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Communication difficulties

Communication difficulties are often caused by a stroke and include:

  • Aphasia – a form of brain damage which affects your ability to understand or produce words
  • Dysarthria – a physical issue where the muscles you use to speak are weak or not working properly
  • Cognitive difficulties – changes in how you think may make it more difficult to communicate.

Breathlessness can also make it difficult to speak clearly.

What is aphasia?

Aphasia is a common effect of stroke, affecting around one in three people who have had a stroke.

Aphasia means that a part of your brain which controls language has been damaged. There are two main parts of the brain which may be affected:

  • Broca’s area – This part of the brain controls how you produce language and speech. If it is damaged, it may be more difficult to speak or write.
  • Wernicke’s area – This part of the brain controls how you understand language. If it is damaged, it may be more difficult to understand spoken or written language.

Either or both of these parts of the brain may be affected by a stroke or head injury.

People with aphasia may find that they:

  • Find it difficult to think of the right words
  • Use the wrong word, or put words in the wrong order
  • Struggle to understand what people are saying
  • Slur or mumble
  • Spell words wrong, or mix up similar-looking or similar-sounding words

In extreme cases, people with aphasia may be unable to speak at all.

People with aphasia may not be aware that what they say is not what they mean to say.

Stroke took Tom’s voice away

When Tom suffered a devastating stroke, he and his wife Karen were told that he might be “locked in” forever.

“It was terrifying to think I wouldn’t be able to move, speak or communicate in any way at all. I have never been so scared, but thankfully I am not locked in completely,” writes Tom.

“I have aphasia and verbal dyspraxia, which means I can’t put my muscles in the right position to speak because my brain can no longer send the right message to my mouth. Having both those conditions together means speaking is almost impossible for me.

“Since then, life has been really difficult. It’s been hard to adjust to what our lives are like now.

“But the support Karen and I get from Chest Heart & Stroke Scotland is hard to put into words. It’s something so very special.

“Every week we join the online aphasia support group set up by Lucy from Chest Heart & Stroke Scotland. It has been a lifeline for us and is now one of the most important things in our lives.”

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Managing aphasia

Aphasia can improve over time, especially with support from speech and language therapists. Even if aphasia does not improve, you can learn other ways to communicate.

Aids like a conversation support book [LINK] or a communication app may help if you are struggling to find words. These use images or videos to prompt you to find the word you’re looking for.

You may find it easier to communicate in person if you:

  • Avoid background noise. Turn off TVs, radios, etc.
  • Face the person you are speaking to, and make sure you can see their face.
  • Consider gestures and facial expressions.
  • Ask people to speak slowly
  • Ask people if you need them to repeat or rephrase something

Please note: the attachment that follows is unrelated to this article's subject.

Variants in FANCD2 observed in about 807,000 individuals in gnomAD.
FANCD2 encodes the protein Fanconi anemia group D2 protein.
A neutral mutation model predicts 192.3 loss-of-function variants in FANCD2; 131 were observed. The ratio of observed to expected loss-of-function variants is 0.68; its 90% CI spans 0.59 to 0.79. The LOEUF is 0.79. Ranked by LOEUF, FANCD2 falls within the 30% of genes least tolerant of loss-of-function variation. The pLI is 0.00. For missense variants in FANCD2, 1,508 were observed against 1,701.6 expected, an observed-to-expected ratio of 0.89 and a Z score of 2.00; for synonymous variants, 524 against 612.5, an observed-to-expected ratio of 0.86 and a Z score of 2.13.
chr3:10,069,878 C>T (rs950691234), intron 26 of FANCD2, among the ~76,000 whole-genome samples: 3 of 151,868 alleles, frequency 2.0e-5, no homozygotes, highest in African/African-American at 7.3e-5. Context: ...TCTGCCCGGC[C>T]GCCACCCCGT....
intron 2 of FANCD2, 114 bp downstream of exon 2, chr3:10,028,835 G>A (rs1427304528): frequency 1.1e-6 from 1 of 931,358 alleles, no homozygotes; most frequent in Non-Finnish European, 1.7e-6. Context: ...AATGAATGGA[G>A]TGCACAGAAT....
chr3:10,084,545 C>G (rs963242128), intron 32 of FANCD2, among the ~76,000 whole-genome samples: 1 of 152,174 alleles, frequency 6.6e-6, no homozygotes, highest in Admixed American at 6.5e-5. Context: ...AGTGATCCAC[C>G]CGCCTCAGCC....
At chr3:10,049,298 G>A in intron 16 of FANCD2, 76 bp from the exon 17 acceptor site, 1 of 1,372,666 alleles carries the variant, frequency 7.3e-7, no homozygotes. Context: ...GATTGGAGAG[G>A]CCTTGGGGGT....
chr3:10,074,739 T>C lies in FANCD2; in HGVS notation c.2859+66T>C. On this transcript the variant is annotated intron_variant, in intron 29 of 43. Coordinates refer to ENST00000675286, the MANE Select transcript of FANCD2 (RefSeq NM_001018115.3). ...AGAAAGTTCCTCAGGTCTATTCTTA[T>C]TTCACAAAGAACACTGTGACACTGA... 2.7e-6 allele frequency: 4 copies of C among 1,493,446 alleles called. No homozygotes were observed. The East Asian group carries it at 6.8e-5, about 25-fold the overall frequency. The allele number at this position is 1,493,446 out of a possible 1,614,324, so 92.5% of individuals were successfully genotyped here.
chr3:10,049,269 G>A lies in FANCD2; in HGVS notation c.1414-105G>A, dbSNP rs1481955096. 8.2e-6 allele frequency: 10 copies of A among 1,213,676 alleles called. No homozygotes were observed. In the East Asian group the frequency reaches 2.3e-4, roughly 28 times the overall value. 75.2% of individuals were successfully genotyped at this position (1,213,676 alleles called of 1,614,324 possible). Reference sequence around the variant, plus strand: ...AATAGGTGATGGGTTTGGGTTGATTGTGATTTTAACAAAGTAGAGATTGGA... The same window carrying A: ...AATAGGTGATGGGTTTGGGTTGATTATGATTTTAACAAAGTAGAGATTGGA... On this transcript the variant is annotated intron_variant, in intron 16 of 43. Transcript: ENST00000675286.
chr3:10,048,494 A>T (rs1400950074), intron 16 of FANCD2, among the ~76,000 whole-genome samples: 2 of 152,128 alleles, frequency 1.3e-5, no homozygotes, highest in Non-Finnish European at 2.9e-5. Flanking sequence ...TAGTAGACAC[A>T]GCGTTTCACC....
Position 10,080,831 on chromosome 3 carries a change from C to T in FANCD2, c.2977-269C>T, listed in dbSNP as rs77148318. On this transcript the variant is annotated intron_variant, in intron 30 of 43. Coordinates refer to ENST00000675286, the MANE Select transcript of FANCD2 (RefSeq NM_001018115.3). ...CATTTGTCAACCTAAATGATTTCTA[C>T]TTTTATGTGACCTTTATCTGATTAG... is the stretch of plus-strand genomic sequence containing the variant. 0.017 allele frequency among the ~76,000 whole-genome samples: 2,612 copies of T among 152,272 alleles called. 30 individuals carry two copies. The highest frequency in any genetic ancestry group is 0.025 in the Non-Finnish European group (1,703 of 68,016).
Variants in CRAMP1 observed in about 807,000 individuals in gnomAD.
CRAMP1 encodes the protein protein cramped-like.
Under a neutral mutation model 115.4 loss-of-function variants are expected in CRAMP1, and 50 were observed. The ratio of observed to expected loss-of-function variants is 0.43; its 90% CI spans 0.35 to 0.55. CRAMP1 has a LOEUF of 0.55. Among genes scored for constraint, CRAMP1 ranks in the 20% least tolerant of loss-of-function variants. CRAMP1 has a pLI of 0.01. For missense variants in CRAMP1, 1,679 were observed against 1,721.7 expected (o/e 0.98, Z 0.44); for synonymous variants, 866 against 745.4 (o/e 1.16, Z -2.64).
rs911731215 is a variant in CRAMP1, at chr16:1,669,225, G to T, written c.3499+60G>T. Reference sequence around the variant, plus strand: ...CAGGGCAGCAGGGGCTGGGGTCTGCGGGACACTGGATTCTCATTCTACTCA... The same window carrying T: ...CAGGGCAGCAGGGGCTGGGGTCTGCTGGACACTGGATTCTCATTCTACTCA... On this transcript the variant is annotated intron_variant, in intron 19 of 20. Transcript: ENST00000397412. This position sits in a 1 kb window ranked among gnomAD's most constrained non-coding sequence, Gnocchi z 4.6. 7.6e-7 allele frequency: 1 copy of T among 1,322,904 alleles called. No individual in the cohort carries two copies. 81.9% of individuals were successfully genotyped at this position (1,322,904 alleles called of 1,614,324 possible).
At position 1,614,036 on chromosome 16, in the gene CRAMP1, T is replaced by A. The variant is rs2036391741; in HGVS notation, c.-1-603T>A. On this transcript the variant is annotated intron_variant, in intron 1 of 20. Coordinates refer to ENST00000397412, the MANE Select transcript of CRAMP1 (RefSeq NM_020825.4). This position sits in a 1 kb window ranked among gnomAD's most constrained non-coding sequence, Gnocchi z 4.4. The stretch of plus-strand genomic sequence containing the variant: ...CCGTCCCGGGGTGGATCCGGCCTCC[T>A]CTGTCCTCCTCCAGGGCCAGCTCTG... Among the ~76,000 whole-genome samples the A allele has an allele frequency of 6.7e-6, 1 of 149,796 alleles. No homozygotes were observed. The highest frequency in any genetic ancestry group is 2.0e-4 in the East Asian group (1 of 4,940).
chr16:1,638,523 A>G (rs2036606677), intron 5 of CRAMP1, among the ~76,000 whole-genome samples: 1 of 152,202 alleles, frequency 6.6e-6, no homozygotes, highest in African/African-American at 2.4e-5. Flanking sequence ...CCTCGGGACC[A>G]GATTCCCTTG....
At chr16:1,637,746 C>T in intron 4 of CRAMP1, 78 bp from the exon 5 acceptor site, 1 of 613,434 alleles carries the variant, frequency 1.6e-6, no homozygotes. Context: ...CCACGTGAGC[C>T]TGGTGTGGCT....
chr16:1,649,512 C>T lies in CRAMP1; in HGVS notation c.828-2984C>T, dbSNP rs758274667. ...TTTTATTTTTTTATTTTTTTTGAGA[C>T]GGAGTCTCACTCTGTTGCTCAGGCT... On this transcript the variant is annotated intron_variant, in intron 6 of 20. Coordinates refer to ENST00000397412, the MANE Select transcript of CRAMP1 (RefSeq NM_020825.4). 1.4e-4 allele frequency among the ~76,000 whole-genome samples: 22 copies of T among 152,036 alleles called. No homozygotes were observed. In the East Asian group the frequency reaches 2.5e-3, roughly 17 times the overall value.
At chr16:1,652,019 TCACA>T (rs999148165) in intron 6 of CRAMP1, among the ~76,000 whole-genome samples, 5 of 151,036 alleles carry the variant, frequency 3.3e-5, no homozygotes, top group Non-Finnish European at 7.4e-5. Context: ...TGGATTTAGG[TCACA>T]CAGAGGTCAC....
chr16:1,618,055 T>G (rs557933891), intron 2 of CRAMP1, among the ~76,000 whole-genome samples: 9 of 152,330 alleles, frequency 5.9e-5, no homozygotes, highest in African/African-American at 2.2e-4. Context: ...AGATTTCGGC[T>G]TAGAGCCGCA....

If you have a conversation planned, such as a doctor’s appointment or interview, it can help to write down what you may need to say.

If you struggle to speak, writing may be easier. If you struggle to write, but can speak clearly, there are apps available which will take dictation for you.

Helping someone with aphasia

If your friend or loved one has aphasia, you can make it easier when communicating with them by:

  • Reducing background noise. Turn off any TVs, radios, or music.
  • Being patient and waiting for the person to finish.
  • Not interrupting or assuming you know what the person intends to say.
  • Making sure that your face is clear and that you are looking at the person you’re talking to.
  • Speaking slowly and being prepared to repeat yourself if asked.
  • Using facial expressions and gestures to help give context.

Always remember that difficulty communicating does not mean difficulty thinking.

Robert embraces a new way to communicate

Robert’s stroke left him with aphasia and verbal dyspraxia, making communication difficult. But he hasn’t let this stop him.

“I would tell others who are in a similar situation to me to take one day at a time. Be creative and try to have fun with communication. You will discover strengths you didn’t know you had,” says Robert.

“One thing I do want other people to know about me and my condition is that my speech and language impairment does not mean I have other intellectual impairments – help me spread the word! Just give me the chance and allow me to come back to a point later if I’m having difficulty.

“I use drawing, writing, sign and expression and I’m constantly looking for new ways to get my point across. Things like new technology, augmentative and alternative communication apps, FaceTime, WhatsApp, Facebook and Twitter are all useful aids to me.”

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What is dysarthria?

Dysarthria is a physical condition where the muscles of the mouth, throat, or face are not working properly. This is often the result of a stroke, but can also be a result of other problems like: nervous dysfunction, brain injuries, or muscle damage.

People with dysarthria may slur, mumble, or otherwise struggle to speak clearly. This is not a problem with language (as aphasia is), but the physical act of speaking.

This page was last updated on May 6, 2022 and is under regular review. If you feel anything is missing or incorrect, please contact health.information@chss.org.uk to provide feedback.

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